Disgraced former FIFA president Sepp Blatter, forced out as head of world football's governing body amid a corruption scandal in 2015, admitted on Sunday he regretted not stepping down earlier.
The 81-year-old was banned over ethics breaches, bringing an end to his 17-year reign as FIFA chief, following a suspect two million Swiss franc ($2 million, 1.8 million euro) payment to ex-UEFA president Michel Platini.
"I should have stopped myself earlier," Blatter said in an interview published by Swiss newspaper SonntagsBlick, adding that his ousting as FIFA boss was "a relief".
Blatter, who was re-elected for a fifth term in May 2015 before promptly announcing his plans to resign, recalled the editor-in-chief of a Swiss magazine warning him the role of FIFA president had an expiration date.
"'At your place the date is 2014', he told me, and I said to him that sometimes it's written that the product can be consumed beyond this date if it's stored in a cool place," Blatter said.
Blatter was also asked about a report in German newspaper Der Spiegel that current FIFA chief Gianni Infantino had feared being dismissed as the subject of another ethics committee investigation.
Infantino was cleared last year by FIFA of ethics violations after investigating him over his use of private jets, personal expenses, hiring methods and a contract dispute.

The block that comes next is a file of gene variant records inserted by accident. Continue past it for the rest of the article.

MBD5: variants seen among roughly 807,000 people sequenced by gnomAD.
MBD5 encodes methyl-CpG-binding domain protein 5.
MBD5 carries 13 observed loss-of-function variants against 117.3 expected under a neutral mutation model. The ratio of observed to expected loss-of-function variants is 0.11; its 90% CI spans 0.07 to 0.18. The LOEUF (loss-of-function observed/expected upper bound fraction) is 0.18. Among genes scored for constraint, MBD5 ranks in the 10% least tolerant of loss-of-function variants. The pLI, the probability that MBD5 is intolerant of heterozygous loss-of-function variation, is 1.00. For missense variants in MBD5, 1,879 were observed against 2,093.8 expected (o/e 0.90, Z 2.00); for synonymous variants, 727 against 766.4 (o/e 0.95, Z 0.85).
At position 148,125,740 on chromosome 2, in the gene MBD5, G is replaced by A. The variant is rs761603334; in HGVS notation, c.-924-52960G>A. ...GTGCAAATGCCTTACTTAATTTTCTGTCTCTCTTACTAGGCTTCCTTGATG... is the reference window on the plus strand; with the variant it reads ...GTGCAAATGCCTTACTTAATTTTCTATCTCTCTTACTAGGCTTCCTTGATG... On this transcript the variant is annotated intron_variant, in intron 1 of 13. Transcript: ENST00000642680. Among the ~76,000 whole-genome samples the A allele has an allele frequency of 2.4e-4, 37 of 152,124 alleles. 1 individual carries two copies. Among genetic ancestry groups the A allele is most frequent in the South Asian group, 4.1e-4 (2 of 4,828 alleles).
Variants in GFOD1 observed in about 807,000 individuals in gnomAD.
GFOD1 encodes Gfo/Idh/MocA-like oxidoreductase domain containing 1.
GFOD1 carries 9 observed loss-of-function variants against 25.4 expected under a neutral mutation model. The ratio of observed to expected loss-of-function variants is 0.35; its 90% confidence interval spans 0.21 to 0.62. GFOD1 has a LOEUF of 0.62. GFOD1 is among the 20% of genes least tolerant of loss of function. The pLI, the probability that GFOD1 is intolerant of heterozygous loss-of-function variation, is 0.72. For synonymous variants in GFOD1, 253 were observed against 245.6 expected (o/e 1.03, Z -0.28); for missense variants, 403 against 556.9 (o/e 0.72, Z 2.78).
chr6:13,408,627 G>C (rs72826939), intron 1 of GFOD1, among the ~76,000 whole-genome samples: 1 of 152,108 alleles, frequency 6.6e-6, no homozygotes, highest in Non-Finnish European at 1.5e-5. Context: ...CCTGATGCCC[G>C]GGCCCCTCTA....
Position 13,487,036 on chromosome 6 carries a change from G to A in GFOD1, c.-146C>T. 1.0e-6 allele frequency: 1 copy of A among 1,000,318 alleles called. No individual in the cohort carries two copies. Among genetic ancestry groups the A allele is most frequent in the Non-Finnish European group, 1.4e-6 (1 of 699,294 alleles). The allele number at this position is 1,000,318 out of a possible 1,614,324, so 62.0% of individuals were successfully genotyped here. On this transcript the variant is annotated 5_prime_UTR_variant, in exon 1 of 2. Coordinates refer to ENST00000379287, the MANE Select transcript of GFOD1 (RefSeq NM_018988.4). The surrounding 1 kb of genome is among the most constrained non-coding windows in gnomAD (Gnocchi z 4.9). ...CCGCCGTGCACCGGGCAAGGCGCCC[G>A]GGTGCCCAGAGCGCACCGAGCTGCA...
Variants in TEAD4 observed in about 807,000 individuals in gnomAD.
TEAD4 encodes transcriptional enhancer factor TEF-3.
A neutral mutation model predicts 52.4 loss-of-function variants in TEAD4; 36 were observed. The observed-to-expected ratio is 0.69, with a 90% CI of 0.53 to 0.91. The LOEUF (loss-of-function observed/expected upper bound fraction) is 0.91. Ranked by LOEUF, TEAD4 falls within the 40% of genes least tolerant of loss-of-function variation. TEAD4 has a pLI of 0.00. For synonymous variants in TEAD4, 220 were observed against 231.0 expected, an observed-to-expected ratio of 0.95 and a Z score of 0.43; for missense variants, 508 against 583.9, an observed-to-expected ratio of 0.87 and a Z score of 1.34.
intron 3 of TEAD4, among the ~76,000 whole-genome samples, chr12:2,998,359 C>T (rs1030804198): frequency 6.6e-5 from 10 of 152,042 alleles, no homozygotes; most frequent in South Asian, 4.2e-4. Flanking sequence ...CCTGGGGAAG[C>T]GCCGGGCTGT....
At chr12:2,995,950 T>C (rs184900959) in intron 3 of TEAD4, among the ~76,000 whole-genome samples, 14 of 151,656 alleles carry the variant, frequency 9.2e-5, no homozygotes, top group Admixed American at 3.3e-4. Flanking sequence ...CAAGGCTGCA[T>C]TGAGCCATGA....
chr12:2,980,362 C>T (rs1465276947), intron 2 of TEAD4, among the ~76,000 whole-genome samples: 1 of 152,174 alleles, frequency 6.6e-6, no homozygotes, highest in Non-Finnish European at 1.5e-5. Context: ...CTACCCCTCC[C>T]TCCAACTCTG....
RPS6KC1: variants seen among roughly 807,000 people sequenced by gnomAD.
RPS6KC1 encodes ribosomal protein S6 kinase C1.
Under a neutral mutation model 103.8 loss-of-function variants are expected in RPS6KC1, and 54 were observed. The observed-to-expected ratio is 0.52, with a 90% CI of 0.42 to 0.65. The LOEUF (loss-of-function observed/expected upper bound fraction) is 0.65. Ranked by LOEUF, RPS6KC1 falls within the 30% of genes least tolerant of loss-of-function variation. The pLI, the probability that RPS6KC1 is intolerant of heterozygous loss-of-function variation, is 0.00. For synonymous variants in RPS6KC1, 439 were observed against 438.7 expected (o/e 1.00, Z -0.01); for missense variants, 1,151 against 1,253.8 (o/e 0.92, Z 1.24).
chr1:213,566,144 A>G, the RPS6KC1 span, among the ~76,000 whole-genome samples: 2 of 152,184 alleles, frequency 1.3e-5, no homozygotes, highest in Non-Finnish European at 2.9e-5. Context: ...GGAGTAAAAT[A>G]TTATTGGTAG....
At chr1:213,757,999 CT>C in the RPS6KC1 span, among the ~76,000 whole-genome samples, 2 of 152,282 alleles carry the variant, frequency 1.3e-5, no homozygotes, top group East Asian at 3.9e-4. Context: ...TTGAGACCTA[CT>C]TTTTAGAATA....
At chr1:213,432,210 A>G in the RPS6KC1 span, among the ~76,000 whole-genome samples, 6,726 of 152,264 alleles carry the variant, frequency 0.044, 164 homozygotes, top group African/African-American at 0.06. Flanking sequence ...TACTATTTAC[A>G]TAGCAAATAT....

But FIFA assured last month "no investigation" had been opened into Infantino after sources said his role in the Confederation of African Football's presidential elections was being looked into.
"I don't know about that, I only know that former FIFA colleagues addressed themselves because of him to the ethics committee and that three or four weeks later, they were thrown out of FIFA," Blatter said.
Ethics chiefs Hans-Joachim Eckert and Cornel Borbely were replaced in May at the annual FIFA Congress, with Borbely calling the decision "a setback in the fight against corruption".
Blatter also spoke out against the introduction of the video assistant review (VAR) system, currently being trialled at the Confederations Cup in Russia.
"The game loses attractiveness... You have to leave referees to make mistakes, what FIFA are doing is delicate and dangerous," he said.